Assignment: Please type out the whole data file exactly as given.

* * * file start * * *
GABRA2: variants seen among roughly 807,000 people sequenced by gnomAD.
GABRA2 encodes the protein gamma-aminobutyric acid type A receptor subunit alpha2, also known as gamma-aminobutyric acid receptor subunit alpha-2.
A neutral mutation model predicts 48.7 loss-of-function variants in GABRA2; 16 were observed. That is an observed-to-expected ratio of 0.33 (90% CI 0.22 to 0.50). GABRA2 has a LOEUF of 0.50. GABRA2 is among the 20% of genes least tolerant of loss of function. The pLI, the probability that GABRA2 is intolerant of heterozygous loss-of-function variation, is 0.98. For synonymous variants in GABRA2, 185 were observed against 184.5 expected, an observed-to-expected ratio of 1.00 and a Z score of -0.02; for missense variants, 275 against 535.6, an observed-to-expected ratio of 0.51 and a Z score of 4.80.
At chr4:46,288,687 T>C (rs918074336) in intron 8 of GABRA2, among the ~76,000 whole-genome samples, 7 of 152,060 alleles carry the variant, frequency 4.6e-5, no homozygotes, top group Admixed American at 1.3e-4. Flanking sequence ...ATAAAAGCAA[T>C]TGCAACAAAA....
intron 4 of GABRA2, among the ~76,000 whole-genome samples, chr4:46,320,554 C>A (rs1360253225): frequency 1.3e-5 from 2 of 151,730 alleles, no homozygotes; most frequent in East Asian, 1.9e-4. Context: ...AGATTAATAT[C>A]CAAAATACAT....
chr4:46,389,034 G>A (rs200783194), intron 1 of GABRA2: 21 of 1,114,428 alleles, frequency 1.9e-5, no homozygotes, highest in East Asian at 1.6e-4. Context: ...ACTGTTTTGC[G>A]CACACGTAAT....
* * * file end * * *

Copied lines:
GABRA2: variants seen among roughly 807,000 people sequenced by gnomAD.
GABRA2 encodes the protein gamma-aminobutyric acid type A receptor subunit alpha2, also known as gamma-aminobutyric acid receptor subunit alpha-2.
A neutral mutation model predicts 48.7 loss-of-function variants in GABRA2; 16 were observed. That is an observed-to-expected ratio of 0.33 (90% CI 0.22 to 0.50). GABRA2 has a LOEUF of 0.50. GABRA2 is among the 20% of genes least tolerant of loss of function. The pLI, the probability that GABRA2 is intolerant of heterozygous loss-of-function variation, is 0.98. For synonymous variants in GABRA2, 185 were observed against 184.5 expected, an observed-to-expected ratio of 1.00 and a Z score of -0.02; for missense variants, 275 against 535.6, an observed-to-expected ratio of 0.51 and a Z score of 4.80.
At chr4:46,288,687 T>C (rs918074336) in intron 8 of GABRA2, among the ~76,000 whole-genome samples, 7 of 152,060 alleles carry the variant, frequency 4.6e-5, no homozygotes, top group Admixed American at 1.3e-4. Flanking sequence ...ATAAAAGCAA[T>C]TGCAACAAAA....
intron 4 of GABRA2, among the ~76,000 whole-genome samples, chr4:46,320,554 C>A (rs1360253225): frequency 1.3e-5 from 2 of 151,730 alleles, no homozygotes; most frequent in East Asian, 1.9e-4. Context: ...AGATTAATAT[C>A]CAAAATACAT....
chr4:46,389,034 G>A (rs200783194), intron 1 of GABRA2: 21 of 1,114,428 alleles, frequency 1.9e-5, no homozygotes, highest in East Asian at 1.6e-4. Context: ...ACTGTTTTGC[G>A]CACACGTAAT....